For the more mathematically inclined, machine learning can be thought of as trying to fit an equation with a large number of variables (also known as features) to a set of training data.  Fitting involves determining the coefficients of the equation such that it can later make predictions on new data.  Most of the time, the process used to determine the coefficients is iterative.  The iterations terminate when the error between model predictions and training data falls below specified limits.  

Unlike computer programming that gives computers specific instructions to execute, and is deterministic, machine learning is probabilistic. Results in ML depend as much on the quality of the data used for training, as the training mechanism or model, and the governance over the model (allowed error in the model).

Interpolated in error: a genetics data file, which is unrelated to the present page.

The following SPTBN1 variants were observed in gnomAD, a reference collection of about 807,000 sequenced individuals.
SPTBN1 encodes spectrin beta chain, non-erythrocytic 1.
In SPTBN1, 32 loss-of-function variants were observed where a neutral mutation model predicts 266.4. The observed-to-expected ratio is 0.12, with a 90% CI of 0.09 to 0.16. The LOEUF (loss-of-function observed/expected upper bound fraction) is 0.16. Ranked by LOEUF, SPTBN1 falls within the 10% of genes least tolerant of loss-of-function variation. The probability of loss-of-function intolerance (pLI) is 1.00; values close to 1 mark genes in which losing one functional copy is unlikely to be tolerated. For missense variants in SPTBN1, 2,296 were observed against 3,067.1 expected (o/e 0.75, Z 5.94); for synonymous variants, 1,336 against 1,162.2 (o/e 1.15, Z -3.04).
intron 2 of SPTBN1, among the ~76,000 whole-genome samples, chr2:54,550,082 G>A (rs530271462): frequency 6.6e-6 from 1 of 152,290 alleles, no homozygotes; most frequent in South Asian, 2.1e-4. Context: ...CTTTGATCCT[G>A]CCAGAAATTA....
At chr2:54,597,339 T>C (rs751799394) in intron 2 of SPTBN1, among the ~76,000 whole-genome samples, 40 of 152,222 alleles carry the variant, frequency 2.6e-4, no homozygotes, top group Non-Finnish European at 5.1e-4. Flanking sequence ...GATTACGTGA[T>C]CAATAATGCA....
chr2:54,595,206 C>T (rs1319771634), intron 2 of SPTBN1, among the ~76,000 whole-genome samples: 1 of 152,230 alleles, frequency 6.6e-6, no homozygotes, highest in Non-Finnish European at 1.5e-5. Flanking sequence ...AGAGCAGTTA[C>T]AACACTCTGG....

Classification of Machine Learning algorithms (models)

Broadly, machine learning algorithms can be grouped into:

Supervised learning: where pre-labeled data as in the cat image example above, helps the machine learn to determine what class a particular dataset belongs to, or predict new values. This method can be used in classification (for e.g., marking emails as spam), prediction (for e.g., determining the price of a house given its location and other features), and forecasting (determining trends based on past data).

Unsupervised learning: where the machine independently determines patterns from data without prior labels, grouping values into clusters of similar features. This method can be used in anomaly/fraud detection, recommendation engines, customer clustering based on purchasing behaviors, categorizing news articles, and so on.